• Saturday , 17 November 2018

Death of Paris – Poised to Leave Their Mark

As you lower the top on your Mini Coop Convertible, a song on the radio slowly builds with a fuzzed out keyboard that causes you to immediately turn up the volume. Just as it approaches 11, the band drops out and back in so quickly you almost feign a neck injury and the drums pack a punch harder than Nick Bruiser. Then you hear the vocals. The melodic, easy on the ears lyrical riffs sung by Jayna Doyle. You assume that you are hearing a breaking band out of LA with close ties to industry insiders jaynaand rising up the pop charts faster than your mini coop can make it out of a Toby Keith concert. But in what you can only assume must be a mistake by a part-time weekend DJ, he tells you it’s the latest from Columbia’s own Death of Paris. Make no mistake, they are for real. And they are from South Carolina.

Death of Paris has just finished recording their latest EP Gossip with the highly acclaimed production team of Zack Odom and Kenneth Mount, otherwise known as ZK Productions. Formally of the famous Tree Sound Studio, ZK Productions has opened their own spot called Vintage Song in the swanky Atlanta suburb of Johns Creek. Sitting down to chat with Janya and keyboardist/rhythm guitarist Blake Arambula it was clear that working with ZK has enabled them to better focus their creative potential and allowed them to develop more as studio artists. The studio is a different animal. Any band that has cut its teeth on the stage will tell you that the first few times in the studio rarely work. It takes time to realize the full potential of a studio and all it can offer. You have to be open to suggestions, to changing a chorus or adding an instrument. With only their second offering, Death of Paris has delivered six polished, well written songs that are clamoring for a spot on a syndicated television show or big city radio.

In addition to Jayna and Blake, Death of Paris includes Patrick Beardsley on guitar and Bryan  LeeBryan Bass on drums. This album marks the first one that Patrick and Bryan have been a part of, as the first one was recorded in LA by Jayna and Blake with the band forming afterwards. As a result the songs on Gossip were written more collectively. Fans should recognize an obvious progression from 3 years ago with a much more industrial pop sound with multiple layers and highly danceable electronic synth. This was a smart album that has very little filler. There was never a moment in the studio where Jayna looked at Blake and said, “Well, we’ve got a dozen or so measures here to kill. How about run off a few arpeggios or something?” That didn’t happen. Not that everything sounds calculated, but it does sound organized. Notes are in the right place and keyboard patches are carefully developed. One of the things that led to that sound was the lack of a bass player on the record. With the bass lines being played on the synth, it led to all the band members approaching the songs a little differently and maintaining a laser-like focus on what was going onto tape.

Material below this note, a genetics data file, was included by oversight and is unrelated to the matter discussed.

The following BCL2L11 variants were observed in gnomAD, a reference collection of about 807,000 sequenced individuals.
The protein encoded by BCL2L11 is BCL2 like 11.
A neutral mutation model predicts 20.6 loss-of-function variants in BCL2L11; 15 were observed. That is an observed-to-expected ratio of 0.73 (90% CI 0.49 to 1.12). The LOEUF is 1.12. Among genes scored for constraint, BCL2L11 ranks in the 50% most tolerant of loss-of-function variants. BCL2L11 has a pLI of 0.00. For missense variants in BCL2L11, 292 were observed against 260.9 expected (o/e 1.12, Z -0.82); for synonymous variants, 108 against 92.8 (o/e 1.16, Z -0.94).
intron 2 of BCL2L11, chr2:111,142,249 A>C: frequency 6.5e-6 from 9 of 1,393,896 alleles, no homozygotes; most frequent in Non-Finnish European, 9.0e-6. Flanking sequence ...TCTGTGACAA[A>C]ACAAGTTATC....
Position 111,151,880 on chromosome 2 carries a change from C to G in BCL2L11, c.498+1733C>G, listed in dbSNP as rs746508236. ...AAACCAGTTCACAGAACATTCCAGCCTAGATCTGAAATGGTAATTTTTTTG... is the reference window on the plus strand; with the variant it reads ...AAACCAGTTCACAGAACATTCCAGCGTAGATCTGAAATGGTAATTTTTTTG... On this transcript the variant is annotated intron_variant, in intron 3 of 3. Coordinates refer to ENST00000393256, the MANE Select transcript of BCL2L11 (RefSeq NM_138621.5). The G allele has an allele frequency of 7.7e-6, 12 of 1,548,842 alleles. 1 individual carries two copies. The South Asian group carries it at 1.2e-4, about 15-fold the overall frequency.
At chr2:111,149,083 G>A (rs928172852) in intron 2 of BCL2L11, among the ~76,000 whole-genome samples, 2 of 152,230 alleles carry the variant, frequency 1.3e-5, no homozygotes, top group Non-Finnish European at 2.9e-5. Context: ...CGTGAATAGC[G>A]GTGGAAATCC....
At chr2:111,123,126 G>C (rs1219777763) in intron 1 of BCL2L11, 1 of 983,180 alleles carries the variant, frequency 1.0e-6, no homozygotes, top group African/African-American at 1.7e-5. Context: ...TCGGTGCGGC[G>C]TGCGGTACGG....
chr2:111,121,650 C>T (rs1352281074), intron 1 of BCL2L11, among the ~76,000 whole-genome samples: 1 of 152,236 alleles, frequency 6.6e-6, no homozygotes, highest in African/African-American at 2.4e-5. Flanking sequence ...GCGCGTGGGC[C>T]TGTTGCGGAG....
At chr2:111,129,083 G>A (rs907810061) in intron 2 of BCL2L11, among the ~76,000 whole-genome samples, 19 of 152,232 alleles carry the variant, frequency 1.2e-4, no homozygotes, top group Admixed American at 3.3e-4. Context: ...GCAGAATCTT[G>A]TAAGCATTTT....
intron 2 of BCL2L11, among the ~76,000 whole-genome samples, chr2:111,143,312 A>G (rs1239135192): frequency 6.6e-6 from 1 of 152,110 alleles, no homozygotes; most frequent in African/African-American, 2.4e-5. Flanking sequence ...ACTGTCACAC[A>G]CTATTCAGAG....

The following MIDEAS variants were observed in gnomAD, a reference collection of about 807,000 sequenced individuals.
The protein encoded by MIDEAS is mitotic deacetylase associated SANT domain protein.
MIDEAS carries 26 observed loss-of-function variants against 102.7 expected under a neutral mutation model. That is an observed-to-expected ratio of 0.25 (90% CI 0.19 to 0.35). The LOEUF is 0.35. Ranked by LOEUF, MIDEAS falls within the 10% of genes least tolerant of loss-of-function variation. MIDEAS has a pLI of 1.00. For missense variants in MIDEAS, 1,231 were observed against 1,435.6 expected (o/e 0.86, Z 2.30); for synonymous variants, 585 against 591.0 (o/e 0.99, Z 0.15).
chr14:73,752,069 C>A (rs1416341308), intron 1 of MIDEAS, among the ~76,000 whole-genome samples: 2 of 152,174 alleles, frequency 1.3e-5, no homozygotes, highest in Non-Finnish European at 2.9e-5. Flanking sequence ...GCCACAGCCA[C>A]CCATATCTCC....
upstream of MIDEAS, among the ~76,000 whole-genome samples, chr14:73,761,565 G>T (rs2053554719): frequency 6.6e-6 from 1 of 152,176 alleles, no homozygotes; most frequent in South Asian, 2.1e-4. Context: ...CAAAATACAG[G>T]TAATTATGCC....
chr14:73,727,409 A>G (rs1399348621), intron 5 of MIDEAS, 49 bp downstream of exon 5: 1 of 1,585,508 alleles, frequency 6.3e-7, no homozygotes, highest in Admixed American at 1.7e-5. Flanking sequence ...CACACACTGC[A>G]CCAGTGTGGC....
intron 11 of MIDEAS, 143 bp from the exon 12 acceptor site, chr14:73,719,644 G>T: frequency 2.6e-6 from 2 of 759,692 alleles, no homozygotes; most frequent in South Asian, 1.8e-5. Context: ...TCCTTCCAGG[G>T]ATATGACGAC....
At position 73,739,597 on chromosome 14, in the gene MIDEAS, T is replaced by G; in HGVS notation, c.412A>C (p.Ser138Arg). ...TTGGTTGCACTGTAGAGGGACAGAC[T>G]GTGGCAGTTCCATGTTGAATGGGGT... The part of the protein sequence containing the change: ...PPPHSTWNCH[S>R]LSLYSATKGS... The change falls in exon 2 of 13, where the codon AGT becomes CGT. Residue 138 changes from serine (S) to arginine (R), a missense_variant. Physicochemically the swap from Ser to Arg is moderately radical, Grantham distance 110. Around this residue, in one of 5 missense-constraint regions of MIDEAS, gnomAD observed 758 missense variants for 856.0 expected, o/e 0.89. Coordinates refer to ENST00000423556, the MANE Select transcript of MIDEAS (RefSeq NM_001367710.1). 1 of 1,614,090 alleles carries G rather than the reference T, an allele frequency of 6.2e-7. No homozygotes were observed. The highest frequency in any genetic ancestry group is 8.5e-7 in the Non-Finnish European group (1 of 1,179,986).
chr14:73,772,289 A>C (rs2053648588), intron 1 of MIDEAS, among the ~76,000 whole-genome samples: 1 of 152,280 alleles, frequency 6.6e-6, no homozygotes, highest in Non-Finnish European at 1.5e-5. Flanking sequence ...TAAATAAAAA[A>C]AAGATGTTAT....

Now that the Gossip sessions are in the books, the band turns its attention to touring and is looking for this album to open some doors for them on the road. They have  their sights set on a tour out west tImage_4his spring and are anxious to turn this into a full-time roadshow. Fortunately, they have a number of things working in their favor. Death of Paris has a remarkably well developed and marketable sound for a band so early in their career. They possess an energy and an innate talent for songwriting that’s the envy of their peers and the ambition to make a serious run at a music career. Their time in the studio only helped to fuel that ambition. Gossip has the potential to launch them into the company of such electro-pop dance bands as The Wombats and Metric. One thing is for certain, Death of Paris is going to be bigger than they are now. They will be playing large clubs on Friday nights late into the evening sending listeners into a fist pumping frenzy and walking around days later with the melodies still stuck in their heads. If you want to call http://santamonicaskin.com/online/ yourself one of those true early fans, if you want to go and see the “it” band right now, or if you just want to go and see some damn good music then be one of the many in attendance this Friday, November 15  at Jillian’s for the Gossip CD Release Party. Also on the bill are Charlotte alt-rockers Flagship, Seattle’s HARPS, and Beth Dickerson. I’m not giving away all theirBlake secrets, but there will be a photo booth there and an overall killer production.  South Carolina needs bands like Death of Paris that buck the trend of our special pipeline of musicians because they keep others guessing and asking questions like “I wonder what else is down there in the Independent Republic of South Carolina?” This is a big city band that will not be here forever so do your due diligence and come catch Death of Paris this Friday at Jillian’s. A portion of the proceeds will go to support Girls Rock Columbia, a week-long camp to empower girls through music education viagra online canada so not only will you be thoroughly entertained but you can also call yourself a philanthropist, so there’s that. Get a ticket, grab a CD, and enjoy. Cheers.

Stephen Stokes
Contributing Editor At South Carolina Music Guide
A local musician who has roots in Florence, Charleston, and Columbia, Stephen has written and performed with numerous groups throughout the region. You may catch him laying down heavy organ with a rock band one night, then light piano with a bluegrass group the next. He lives in downtown Columbia with his wife, two boys, and a dog that should be counting its blessings it hasn't been dropped off at the pound...yet.

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